I was recently contacted by someone working in medical market research, who told me that insurance companies have undertaken, on the street and no doubt in the home, research to test the market for privatised general practice. People are being invited to comment on various packages of general practice which they might find
Column 870attractive: a relatively straightforward core general practice service for a monthly fixed fee of £20; a more widespread service including physiotherapy and dentistry for a higher fee; paying a further fee for a full range of treatment, including hospital care; and so on. All that would be for a fully privately run and operated general practice service, rather than a public sector service. The National Association of Health Authorities and Trusts pointed out that the only way to get privately financed primary health care centres built in inner London would be to allow private health providers to both build and operate them. So we are seeing a steady encroachment of the private sector into the national health service, which is why we say that the existence of that service is being put at risk.
I draw a parallel to the attention of the House. In the early 1980s, the Government began to squeeze funds for all the services that local authorities provided, just at a time when demography and changes in national health service care were producing increased demand for residential and nursing care for growing numbers of elderly people. They began to squeeze local authority funding and places. They began to allow-- indeed, to encourage--public funds to be used to subsidise the purchase of places in the private sector to fill the gap because the public sector could no longer provide enough places for the perceived and evident need. As the bills began to grow, the Government began to rein in that level of public support, but continued a steady process of attrition--squeezing, cutting and discouraging extra alternative local authority facilities from being provided, even though the need continued to grow.
Now, we have reached the point where those in private sector residential and nursing care receive allowances that are withheld from those in local authority homes--who face a financial penalty. Local authorities are forced to spend by far the greatest bulk of the money that they have available for community care in the private sector. Increasingly, there is little or no availability of community care in the local authority sector. There is simply private sector care--the local authority is restricted to providing inspection of that care. In effect, community care is being and has been privatised.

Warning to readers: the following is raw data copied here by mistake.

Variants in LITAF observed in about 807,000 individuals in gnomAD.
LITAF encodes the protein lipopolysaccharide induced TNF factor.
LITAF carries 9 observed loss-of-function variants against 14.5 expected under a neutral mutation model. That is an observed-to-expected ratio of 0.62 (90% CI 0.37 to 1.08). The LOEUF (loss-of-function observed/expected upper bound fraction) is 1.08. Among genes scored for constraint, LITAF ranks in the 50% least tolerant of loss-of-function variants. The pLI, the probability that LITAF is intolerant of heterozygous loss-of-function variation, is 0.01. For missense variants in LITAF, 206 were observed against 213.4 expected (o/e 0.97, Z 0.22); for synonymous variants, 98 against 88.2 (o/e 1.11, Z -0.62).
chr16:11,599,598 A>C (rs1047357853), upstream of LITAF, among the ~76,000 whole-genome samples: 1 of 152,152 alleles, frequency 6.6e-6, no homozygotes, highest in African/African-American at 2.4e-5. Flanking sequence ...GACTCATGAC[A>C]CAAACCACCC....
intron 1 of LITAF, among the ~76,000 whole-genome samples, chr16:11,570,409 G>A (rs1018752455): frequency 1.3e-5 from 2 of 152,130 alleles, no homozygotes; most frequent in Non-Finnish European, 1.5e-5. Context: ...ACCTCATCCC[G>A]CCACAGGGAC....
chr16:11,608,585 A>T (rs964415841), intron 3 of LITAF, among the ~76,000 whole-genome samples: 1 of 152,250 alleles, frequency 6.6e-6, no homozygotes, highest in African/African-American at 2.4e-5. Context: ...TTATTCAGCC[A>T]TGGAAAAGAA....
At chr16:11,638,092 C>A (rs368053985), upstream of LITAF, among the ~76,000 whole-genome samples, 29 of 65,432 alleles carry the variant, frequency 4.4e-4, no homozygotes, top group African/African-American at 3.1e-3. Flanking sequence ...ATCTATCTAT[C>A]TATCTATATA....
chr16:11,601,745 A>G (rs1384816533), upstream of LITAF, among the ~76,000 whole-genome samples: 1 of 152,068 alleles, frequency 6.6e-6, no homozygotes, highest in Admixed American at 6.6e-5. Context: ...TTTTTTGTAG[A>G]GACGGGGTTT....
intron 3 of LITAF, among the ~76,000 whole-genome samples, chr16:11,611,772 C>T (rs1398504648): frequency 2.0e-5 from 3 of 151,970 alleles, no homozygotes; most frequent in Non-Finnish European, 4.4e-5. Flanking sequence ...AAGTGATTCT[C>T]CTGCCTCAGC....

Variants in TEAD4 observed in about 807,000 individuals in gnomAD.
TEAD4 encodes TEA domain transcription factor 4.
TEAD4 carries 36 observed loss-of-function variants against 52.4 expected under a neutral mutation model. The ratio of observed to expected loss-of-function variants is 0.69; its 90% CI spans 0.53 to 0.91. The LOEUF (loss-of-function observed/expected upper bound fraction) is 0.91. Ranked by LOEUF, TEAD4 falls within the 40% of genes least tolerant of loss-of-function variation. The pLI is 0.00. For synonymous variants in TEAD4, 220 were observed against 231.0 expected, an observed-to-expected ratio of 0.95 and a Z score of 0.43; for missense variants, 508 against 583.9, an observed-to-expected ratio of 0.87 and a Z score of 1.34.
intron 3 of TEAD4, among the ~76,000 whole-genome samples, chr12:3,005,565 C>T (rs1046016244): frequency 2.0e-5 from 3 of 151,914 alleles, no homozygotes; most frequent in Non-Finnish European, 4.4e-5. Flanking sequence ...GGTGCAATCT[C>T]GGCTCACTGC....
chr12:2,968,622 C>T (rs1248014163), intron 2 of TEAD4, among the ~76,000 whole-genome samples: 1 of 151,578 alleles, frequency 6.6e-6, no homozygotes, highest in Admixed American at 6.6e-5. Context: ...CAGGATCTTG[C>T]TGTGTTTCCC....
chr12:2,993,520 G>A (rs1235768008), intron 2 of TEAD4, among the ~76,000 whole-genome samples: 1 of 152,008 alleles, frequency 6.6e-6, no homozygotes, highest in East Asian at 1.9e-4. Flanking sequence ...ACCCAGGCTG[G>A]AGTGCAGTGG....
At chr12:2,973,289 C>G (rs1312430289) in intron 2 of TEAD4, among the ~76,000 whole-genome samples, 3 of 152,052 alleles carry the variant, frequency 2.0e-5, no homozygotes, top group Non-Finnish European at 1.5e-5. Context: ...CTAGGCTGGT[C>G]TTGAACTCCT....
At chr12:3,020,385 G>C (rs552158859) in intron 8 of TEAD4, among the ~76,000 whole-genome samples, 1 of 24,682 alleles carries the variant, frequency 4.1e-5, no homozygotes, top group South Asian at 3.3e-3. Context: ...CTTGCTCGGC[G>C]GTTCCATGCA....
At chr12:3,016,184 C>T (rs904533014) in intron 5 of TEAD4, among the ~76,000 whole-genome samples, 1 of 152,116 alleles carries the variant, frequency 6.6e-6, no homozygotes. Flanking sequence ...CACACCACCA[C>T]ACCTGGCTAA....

Ms Ann Coffey (Stockport): Would my right hon. Friend be interested to know that my local authority of Stockport plans to charge elderly people for community care provided through the public or private sector that comes to more than £350 a week--incidentally, the price of a place in a private home? I am sure that my right hon. Friend knows that £350 a week does not provide much community care. That policy will drive people into private sector residential care, when the object of the Government's policy is to keep them in community care. Does my right hon. Friend agree that it is simply a way of local authorities trying to recoup money that they are having to spend on private nursing homes because they cannot provide community care?
The end result of the steady process of attrition that has taken place over 12 years is that people are being moved out of the shelter of the welfare state. They no longer have access to public places; they have access to limited public